in Armistice Day was filed before
On
Sheriff J
OotolN-r 1U,
for
j (
j ,
.„ lstl<v of th) , H h Hussmat
I ,, f that pi««, eariy this week agalns.
I
I Kmmct McCarty, one of the well known
ex -service men of this city, and short
iy afterwards a warrant was placed
wlth Elmers for service. The
young man wus arrested Wednesday
L lld taU( ,„ lKjfon . Pn , tate Jud ^ Byrom
where lmn ,ls of $2fi0 w( , n . f urnl8lM *,
! for U p, M . arall „. , n tlu . cottonwood court
j tomorrow
1 Mr M( .Carty is charged, it is alleg
( cl in the ... mplalnt with having liquor
in his possession while attending a
; daI1(V „„ Armistice ul g ht . Some dif
flPuUv aom . at the tl ance wU ich wan
! BUlipo8ed t) , bavt . , MH . n aniil . u , ( , v »ottl
j «d at the time. However at this late
! dale, almost five weeks after the
j tomey R. M. Huttuhuugh and tile state
| by County Attorney B. Auger.
n _
dance the warrant was issued. The
; tiefen, hi ii t will lie represented by At
Dr. <"liipuiaii reports the birth of
j a son Friday night to Mr. and Mrs.
1 Harry Byrnes of tlie Tolo section.
+ + + + + + + + * +
+
4*
+
+
MUSIC NOTES.
Fifty years a band master ♦
and just now rounding out his ♦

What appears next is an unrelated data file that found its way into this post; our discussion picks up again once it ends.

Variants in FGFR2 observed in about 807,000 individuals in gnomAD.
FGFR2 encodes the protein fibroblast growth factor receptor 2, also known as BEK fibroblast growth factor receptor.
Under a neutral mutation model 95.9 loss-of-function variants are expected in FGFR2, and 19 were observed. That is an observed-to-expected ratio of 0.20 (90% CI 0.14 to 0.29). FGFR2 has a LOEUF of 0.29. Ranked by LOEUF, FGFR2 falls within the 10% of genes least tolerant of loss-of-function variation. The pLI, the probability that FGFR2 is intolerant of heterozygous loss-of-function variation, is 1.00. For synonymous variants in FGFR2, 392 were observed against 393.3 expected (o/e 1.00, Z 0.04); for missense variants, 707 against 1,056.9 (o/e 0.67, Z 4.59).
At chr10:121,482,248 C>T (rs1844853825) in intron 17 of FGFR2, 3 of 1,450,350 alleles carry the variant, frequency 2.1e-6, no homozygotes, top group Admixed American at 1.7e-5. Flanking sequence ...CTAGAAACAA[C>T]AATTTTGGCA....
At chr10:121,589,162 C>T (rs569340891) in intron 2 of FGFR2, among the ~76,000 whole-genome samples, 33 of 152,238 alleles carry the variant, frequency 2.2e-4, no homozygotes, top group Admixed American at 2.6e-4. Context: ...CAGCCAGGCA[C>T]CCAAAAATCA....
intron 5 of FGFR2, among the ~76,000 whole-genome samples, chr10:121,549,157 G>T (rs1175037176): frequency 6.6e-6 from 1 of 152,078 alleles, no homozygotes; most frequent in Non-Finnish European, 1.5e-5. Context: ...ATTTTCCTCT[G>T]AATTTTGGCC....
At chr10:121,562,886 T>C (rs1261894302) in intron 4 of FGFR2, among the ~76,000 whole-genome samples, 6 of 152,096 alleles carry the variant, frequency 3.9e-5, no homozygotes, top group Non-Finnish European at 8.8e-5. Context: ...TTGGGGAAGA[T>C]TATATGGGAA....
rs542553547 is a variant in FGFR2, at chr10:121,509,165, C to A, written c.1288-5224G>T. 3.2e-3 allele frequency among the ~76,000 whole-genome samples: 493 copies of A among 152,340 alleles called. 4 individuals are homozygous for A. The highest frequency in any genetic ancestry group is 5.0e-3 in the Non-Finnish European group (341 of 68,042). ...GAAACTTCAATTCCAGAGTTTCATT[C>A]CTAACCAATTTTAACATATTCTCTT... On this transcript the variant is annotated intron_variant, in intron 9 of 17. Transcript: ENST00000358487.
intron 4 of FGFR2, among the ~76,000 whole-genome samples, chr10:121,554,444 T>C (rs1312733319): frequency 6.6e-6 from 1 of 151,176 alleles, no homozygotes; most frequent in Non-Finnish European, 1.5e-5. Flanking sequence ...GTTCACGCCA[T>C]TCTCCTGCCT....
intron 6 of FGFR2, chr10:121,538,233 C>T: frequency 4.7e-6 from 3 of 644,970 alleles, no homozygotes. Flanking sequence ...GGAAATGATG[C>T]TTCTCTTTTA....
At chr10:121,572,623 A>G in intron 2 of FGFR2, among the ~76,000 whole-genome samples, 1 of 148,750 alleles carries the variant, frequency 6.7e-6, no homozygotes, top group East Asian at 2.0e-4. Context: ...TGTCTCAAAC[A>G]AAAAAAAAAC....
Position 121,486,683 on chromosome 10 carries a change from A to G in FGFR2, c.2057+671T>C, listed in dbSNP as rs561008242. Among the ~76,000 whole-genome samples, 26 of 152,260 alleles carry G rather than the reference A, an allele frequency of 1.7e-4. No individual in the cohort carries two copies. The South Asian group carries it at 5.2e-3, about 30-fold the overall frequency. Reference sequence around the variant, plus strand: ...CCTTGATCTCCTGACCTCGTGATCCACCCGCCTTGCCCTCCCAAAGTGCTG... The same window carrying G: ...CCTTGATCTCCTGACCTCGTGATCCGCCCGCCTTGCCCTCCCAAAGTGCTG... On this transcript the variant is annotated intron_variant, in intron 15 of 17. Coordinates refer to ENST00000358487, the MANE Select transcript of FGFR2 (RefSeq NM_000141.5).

sixty-sixth year of healthy, +
* happy life, Lieut. Commander *
i +
John Phillip Sousa, is yet a hoy +

4*
at heart, u young man in phy- ♦
sique and an uthlctic sportsman ♦
at tlie zenith of his superb phy- +
4* sical attainments. Ilis record ♦
4
4
4
as a teacher and conductor of ♦
marine hands, for service in ♦
+ the navy during the war, ts 4 1
+ part of. the history of the Unit ♦
♦ ed Static. Last month he re- 4*
eeived a draft for $2500 from +
+ Germany for hack royalties on 4*
4* ills nut i ch "The Stars and ♦
Stripes Forever." Tlie compos- ♦
4* er is willing to admit that now ♦
4t "Tlie War is Over."
John McCormack was a solo- *
4* ist. Recently, at the opening ♦
of the Cleveland now $4.000,- ♦
4" ooo municipal auditorium, ♦
♦ Imilt for tlie fostering of music ♦
4* Thirteen thousand people at- ♦
j *
!
i
1
+

!
+ tended tlie concert,
*
* in,i -
+
Ivor Novcllo, composer of ♦
4- "Keep the Home Fires Burn- +
was a recent arrival +
4- from Itis homo In London, for a 4*
4* visit in America.
4- Pupils of Mrs. Reese Hatta- ♦

4.
4- hnugh ure preparing mimliers ♦
4- for studio recital to tie given +
4- during tin- holidays.
Emma Calve was singing ln ♦
opera at tlie age of seventeen *<•
and supporting her parents with ♦
her earnings. She lived to he ♦
recognized as the greatest in- 4*
terpreter of ''Carmen." to have 4
riches showered upon lier and ♦
4- to Ik- the inspiration of many 4*
4- aspiring singers. If this indom- ♦
4* itaiile soul succeeded In tlie face ♦
4- of difficulties so can others» ♦
who are courageous enough to 4>


4.
4.
4.
4.
4.
4
I. 4
+
persevere.

4

Does your hoy or girl possess
1111 undeveloped talent that may +
4» lx- lost through lack of oppor- ♦
4
+
4- tunity?
MRS. REESE n.YTTABAUGH *
4- Ti-aeher of Piano and Voice. ♦
4-4-4-4-4-4-4-4-4-4-4-4-4-4-4-4S